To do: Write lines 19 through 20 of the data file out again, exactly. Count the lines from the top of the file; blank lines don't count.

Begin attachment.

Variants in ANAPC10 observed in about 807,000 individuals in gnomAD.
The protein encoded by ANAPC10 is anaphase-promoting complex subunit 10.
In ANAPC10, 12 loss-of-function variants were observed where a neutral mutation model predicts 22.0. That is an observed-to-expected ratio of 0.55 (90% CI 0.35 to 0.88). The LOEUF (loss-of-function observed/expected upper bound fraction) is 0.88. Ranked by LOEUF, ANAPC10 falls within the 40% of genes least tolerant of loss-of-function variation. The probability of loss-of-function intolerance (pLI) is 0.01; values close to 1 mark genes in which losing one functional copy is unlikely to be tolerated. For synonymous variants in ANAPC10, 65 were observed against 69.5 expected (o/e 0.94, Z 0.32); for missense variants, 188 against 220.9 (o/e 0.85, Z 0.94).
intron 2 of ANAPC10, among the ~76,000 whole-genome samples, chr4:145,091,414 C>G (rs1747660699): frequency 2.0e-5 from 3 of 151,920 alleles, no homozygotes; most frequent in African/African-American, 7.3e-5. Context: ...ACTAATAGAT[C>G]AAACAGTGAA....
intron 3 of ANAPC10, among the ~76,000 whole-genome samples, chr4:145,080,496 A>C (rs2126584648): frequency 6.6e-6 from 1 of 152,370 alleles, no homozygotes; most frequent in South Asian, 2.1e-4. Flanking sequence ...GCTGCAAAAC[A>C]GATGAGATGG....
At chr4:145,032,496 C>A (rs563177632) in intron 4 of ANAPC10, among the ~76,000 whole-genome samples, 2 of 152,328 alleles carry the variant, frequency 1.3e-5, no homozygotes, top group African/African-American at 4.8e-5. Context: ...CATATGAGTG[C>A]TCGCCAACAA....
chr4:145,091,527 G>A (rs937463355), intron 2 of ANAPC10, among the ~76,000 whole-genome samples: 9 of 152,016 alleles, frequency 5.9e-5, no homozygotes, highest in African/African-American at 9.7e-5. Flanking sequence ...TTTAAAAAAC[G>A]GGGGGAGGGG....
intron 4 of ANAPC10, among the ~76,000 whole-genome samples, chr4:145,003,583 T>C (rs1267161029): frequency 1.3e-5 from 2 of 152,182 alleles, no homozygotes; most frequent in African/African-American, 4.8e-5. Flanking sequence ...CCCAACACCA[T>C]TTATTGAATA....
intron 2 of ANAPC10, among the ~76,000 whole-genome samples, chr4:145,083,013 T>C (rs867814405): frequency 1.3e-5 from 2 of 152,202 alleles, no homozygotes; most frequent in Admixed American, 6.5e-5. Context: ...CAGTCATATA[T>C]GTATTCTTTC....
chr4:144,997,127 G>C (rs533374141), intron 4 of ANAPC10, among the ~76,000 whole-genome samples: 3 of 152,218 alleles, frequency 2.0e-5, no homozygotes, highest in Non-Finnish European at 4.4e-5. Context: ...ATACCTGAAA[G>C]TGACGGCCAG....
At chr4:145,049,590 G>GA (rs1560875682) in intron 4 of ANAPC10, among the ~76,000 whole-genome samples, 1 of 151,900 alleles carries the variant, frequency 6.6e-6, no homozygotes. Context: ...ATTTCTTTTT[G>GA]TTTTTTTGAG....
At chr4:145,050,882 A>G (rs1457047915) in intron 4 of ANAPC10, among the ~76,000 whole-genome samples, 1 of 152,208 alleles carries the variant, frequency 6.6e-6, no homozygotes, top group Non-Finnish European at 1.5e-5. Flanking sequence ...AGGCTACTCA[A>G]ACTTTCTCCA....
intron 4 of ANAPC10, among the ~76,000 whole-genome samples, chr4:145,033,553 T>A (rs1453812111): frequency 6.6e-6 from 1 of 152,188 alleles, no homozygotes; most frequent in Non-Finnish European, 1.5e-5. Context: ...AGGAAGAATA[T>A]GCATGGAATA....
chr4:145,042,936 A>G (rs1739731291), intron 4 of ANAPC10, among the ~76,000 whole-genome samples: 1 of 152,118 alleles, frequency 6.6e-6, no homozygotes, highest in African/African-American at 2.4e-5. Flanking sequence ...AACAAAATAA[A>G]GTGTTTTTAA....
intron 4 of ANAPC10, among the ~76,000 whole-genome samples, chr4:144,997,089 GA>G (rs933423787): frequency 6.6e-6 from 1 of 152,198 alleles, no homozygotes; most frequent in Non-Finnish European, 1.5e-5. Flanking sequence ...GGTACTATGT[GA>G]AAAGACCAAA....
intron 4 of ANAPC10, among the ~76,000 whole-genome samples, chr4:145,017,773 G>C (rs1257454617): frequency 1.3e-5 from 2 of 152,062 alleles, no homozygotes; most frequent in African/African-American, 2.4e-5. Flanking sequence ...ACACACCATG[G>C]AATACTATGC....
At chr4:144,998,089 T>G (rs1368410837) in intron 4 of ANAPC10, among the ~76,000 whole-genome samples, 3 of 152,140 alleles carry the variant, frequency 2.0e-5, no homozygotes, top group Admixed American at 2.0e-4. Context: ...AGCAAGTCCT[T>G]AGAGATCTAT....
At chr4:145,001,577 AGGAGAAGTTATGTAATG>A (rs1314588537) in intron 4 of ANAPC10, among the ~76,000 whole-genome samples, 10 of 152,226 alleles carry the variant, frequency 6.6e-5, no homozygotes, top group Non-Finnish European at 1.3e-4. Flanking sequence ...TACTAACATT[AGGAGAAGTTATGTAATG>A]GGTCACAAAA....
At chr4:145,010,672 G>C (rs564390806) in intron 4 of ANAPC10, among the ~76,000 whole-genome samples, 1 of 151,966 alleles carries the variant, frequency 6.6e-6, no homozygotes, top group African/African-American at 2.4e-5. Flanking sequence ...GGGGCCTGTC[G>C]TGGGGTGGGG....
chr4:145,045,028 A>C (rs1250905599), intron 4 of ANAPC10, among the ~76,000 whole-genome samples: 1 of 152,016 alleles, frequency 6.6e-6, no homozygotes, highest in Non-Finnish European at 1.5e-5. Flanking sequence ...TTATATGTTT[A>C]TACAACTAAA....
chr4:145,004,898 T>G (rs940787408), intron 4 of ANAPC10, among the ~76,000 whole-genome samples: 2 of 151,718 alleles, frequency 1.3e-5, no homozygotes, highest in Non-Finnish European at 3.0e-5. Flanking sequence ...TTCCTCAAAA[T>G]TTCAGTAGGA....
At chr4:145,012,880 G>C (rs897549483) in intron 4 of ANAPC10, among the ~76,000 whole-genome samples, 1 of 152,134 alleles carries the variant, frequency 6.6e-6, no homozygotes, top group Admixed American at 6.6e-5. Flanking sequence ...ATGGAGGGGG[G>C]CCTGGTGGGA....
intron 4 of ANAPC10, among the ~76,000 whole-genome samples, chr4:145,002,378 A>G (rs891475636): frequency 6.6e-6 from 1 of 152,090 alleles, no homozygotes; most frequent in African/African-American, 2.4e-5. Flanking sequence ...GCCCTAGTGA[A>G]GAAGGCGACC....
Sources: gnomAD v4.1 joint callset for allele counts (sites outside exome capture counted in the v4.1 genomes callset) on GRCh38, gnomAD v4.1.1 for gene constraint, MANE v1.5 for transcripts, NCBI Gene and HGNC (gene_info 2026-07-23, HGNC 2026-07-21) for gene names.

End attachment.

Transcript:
At chr4:145,010,672 G>C (rs564390806) in intron 4 of ANAPC10, among the ~76,000 whole-genome samples, 1 of 151,966 alleles carries the variant, frequency 6.6e-6, no homozygotes, top group African/African-American at 2.4e-5. Flanking sequence ...GGGGCCTGTC[G>C]TGGGGTGGGG....
chr4:145,045,028 A>C (rs1250905599), intron 4 of ANAPC10, among the ~76,000 whole-genome samples: 1 of 152,016 alleles, frequency 6.6e-6, no homozygotes, highest in Non-Finnish European at 1.5e-5. Flanking sequence ...TTATATGTTT[A>C]TACAACTAAA....